After securing North Africa in May, it was time for the Allies to turn their attention to the “soft underbelly of Europe”. It had been decided that, rather than attacking Italy directly, Sicily would be dealt with first. Clearing the island nation would not only provide an excellent staging area for the landings in Italy, but it would keep Italian and German forces “off their backs” once the landings commenced.
But even before that, there was Pantelleria. Never heard of it? Well, it’s a small island situated 53 miles east of Tunisia (in North Africa) and 63 miles west of Sicily. About 40 square miles in size, it possessed value to the Allies because of its airfield, which would support aircraft for the upcoming operations. Pantelleria also provided good harbor facilities.
From the opposing point of view, the airport and harbor areas were valuable as well. But the radar facilities were especially important, as they allowed Italian and German fighter squadrons on Sicily and Italy advanced warning of approaching aircraft. British and American forces definitely wanted that equipment neutralized.
It was determined that an assault of the island, code-named Operation Corkscrew and set for June 11, 1943, would be preceded by heavy bombing, since the island’s strategic position meant it was heavily fortified with nearly 100 gun emplacements and 10,000 troops.
And so, as action was ending in North Africa in May, the bombings began. And they increased in intensity over time and, by June 7th, were pretty much running around the clock. June 10th saw the heaviest onslaught, with more than 4,000 tons of bombs released onto the island target.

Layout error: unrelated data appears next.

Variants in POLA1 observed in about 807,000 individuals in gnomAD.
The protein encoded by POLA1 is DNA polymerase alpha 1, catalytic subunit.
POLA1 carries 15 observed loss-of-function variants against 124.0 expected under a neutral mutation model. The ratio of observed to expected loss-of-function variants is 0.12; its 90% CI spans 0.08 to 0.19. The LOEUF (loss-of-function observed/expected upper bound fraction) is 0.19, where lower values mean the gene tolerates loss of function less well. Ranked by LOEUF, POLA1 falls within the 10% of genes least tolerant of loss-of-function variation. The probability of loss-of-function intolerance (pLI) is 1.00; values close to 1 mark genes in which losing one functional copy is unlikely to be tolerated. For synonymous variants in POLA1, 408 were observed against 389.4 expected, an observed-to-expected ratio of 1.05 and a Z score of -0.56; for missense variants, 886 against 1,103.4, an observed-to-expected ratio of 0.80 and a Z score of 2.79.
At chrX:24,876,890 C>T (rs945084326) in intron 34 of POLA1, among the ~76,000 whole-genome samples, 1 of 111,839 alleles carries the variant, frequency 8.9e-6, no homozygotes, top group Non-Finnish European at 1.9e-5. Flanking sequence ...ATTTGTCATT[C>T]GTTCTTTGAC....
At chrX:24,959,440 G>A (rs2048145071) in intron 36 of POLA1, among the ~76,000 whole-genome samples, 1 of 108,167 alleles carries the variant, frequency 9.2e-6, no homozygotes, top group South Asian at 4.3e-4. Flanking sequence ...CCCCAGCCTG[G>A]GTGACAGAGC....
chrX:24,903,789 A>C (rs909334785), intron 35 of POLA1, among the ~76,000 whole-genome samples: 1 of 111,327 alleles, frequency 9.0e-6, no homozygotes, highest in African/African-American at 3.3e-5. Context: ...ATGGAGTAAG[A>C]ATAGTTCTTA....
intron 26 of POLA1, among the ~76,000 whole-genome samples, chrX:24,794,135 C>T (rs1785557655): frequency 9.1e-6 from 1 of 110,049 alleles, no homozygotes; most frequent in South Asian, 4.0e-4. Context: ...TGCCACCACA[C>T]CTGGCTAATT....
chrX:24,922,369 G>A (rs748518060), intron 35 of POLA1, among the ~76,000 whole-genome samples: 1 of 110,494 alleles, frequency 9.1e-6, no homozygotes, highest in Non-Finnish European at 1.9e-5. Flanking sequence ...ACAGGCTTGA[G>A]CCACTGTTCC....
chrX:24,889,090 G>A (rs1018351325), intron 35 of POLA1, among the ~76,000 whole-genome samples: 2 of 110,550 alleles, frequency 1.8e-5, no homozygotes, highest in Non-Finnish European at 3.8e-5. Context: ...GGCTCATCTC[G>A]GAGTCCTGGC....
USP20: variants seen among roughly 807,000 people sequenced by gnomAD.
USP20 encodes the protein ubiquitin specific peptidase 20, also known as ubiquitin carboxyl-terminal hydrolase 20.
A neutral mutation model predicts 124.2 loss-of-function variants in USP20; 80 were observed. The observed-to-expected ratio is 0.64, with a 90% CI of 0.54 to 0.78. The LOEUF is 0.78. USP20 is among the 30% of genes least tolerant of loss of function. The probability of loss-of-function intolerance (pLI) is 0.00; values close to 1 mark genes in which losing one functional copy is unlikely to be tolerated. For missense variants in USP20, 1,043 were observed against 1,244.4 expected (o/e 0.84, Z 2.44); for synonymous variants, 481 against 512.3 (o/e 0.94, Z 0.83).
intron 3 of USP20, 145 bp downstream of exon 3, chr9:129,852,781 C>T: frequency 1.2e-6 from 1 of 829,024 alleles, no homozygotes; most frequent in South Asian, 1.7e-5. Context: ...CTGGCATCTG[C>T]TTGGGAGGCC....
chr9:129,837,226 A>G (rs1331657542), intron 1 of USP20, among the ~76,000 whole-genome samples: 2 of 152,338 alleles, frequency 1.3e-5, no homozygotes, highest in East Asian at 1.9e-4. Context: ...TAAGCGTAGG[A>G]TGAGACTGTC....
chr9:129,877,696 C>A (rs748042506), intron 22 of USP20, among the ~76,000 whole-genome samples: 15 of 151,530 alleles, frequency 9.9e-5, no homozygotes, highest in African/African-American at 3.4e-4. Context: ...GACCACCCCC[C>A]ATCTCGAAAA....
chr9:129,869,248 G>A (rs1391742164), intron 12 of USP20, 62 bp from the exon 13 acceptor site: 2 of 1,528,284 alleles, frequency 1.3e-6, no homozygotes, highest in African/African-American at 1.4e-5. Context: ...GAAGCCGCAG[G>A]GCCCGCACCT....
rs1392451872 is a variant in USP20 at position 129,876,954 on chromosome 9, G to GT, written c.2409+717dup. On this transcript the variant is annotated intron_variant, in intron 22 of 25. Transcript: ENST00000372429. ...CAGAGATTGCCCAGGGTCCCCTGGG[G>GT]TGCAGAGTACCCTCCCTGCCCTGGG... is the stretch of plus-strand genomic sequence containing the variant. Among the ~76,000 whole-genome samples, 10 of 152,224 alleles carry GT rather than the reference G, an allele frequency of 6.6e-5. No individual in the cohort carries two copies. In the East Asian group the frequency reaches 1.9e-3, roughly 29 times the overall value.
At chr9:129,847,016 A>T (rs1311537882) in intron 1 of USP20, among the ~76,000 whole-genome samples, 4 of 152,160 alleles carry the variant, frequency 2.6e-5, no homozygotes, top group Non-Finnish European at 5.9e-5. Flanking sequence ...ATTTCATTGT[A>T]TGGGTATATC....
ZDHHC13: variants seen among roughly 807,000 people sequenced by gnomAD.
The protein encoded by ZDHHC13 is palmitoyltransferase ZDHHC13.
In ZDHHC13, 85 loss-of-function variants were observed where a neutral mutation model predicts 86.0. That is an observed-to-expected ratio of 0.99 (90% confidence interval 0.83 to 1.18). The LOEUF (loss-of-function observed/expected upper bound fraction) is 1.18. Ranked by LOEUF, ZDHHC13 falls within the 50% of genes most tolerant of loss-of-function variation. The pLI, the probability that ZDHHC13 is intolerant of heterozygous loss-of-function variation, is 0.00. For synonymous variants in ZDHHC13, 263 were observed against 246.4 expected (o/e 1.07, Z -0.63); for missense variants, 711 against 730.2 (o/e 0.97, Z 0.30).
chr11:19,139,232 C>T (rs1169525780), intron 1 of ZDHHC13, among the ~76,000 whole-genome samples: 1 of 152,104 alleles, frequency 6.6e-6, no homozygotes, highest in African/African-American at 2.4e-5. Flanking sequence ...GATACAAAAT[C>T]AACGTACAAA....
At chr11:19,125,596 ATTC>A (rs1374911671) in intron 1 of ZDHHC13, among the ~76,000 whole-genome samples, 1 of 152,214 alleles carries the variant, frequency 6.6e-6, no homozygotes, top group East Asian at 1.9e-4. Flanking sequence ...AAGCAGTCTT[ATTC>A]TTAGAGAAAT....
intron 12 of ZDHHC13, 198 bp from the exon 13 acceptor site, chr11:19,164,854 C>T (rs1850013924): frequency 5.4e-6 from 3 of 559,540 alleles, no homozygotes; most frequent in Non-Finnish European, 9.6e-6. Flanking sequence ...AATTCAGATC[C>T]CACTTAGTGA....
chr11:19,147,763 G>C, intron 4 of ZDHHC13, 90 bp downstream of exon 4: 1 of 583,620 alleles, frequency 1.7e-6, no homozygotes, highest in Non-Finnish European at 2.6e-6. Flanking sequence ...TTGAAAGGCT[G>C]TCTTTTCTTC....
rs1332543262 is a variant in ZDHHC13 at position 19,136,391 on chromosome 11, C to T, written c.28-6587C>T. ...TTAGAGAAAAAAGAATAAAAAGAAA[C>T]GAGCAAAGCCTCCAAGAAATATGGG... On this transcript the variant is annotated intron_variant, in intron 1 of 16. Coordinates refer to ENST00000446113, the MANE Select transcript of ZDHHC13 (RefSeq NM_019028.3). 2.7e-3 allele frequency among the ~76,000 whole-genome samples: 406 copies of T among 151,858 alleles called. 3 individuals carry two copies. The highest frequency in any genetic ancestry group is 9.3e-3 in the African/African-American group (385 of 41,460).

When British commandos landed on June 11, 1943, the white flags were already flying by the surviving members of the Italian garrison. In his memoirs, Winston Churchill would write that the only casualty among his men was somebody bitten by a mule.
As assaults go, it was one of the easiest of the War. The defenders had been bombed senseless, more than half their guns were destroyed, the ships in the harbor were now resting at its bottom, and the air forces there had been decimated.
But it also gave the Allies something of a false impression concerning the effectiveness of air power. Some came to believe that bombing alone could subdue targets and, as we have seen through the years, that generally just isn’t the case.
For Pantelleria, however, it pretty much was.
Recommended Reading: The 320th Bomb Group website – A fine website with a good workup of Operation Corkscrew.